He rose rapidly in Canadian television, so much so that in 1985, KNBC brought him in to anchor its 5 p.m. and 11 p.m. broadcasts. Later, he began doing pieces for the network. He and his wife, Susan, whom he met when she was Canadian politician Pierre Trudeau’s press secretary (and who is the mother of television star Matthew Perry), had thought of his American venture as a sabbatical. So he returned to Canada, where he was to be groomed to inherit the anchor chair from that country’s version of Walter Cronkite, Lloyd Robertson. But Morrison was summarily fired when Robertson decided not to retire, so that same day he phoned NBC and was assigned a story about a female auto mechanic in Pittsburgh. The venue was “Dateline.”
Morrison lost the anchor chair he coveted, but he gained the opportunity on “Dateline” to get inside the people he interviews. Morrison’s gift as an interviewer is that he makes his subjects comfortable enough that they want to tell him their story. Dean cites the story of a woman who was brutally assaulted and then burned by her assailant and who was reluctant to talk about her ordeal. “So Keith sat down, and the magic just started rolling. Keith drew her out, and she did this very emotional, very inspiring interview that had all of us practically in tears, including Keith. I get chills just thinking about it.”
Ask Morrison if he worries that he is exploiting vulnerable individuals, and he will admit he does. But then he recalls a “big surprise” early in his career in Saskatoon when he was ordered to get a “pick up” for a story about a crossing guard who had been hit by a car and killed. He pulled up to the widow’s house just hours after her loss, feeling “like the worst person in the world” and asked her for a picture of her late husband. And she invited him in, gave him tea and biscuits, and talked for a long time — which is when Morrison said he realized people want to get their story out. You don’t exploit victims. You facilitate their agenda.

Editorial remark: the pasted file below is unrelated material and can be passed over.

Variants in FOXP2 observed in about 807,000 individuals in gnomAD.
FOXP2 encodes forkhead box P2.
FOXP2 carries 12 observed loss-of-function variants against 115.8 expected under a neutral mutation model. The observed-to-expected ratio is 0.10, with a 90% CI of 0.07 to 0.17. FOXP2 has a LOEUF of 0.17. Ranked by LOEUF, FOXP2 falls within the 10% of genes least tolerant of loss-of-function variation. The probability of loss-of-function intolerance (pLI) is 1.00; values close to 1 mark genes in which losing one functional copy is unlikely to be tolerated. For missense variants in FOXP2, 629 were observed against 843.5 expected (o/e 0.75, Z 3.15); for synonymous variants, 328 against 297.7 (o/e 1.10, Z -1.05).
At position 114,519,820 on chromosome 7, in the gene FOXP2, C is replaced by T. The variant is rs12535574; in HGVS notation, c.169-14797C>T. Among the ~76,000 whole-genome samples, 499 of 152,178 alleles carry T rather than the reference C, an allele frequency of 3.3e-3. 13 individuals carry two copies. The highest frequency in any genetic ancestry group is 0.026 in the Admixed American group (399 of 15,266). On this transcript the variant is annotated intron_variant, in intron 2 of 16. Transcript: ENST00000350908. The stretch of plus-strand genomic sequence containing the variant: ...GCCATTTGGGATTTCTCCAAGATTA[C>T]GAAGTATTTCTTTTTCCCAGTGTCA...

Even so, there are traditionalists who believe the entire enterprise of real-life mysteries is a deleterious one. Morrison disagrees. He thinks the program has real value in examining the weaknesses of the American justice system. In at least one case, that of Barry Beach, who spent 32 years in a Montana prison after being falsely convicted of murder, “Dateline” and Morrison not only found the real killers but also helped pressure the system into releasing Beach.
The folks who produce “Dateline” believe there may be another function for the show: to examine the human condition. “It’s about characters and what happened to them that led to some crisis,” Corvo says. “What disappointment. What failure. What betrayal.” Producer Dean puts it a bit differently. He says audiences are fascinated by the thin line that separates ordinary behavior from behavior outside the boundaries, which means that the perpetrators are seldom monsters. They are us.
That makes Morrison the Dostoevsky of the genre too. He confesses that dealing with the worst of human behavior week in and week out (he is on the road more than 40 weeks each year) might sour him. “But then you get involved in the details,” he says, “and you talk to the people involved, and you hear what the real issues are behind these stories, it’s so interesting that you can’t possibly stay away from it.”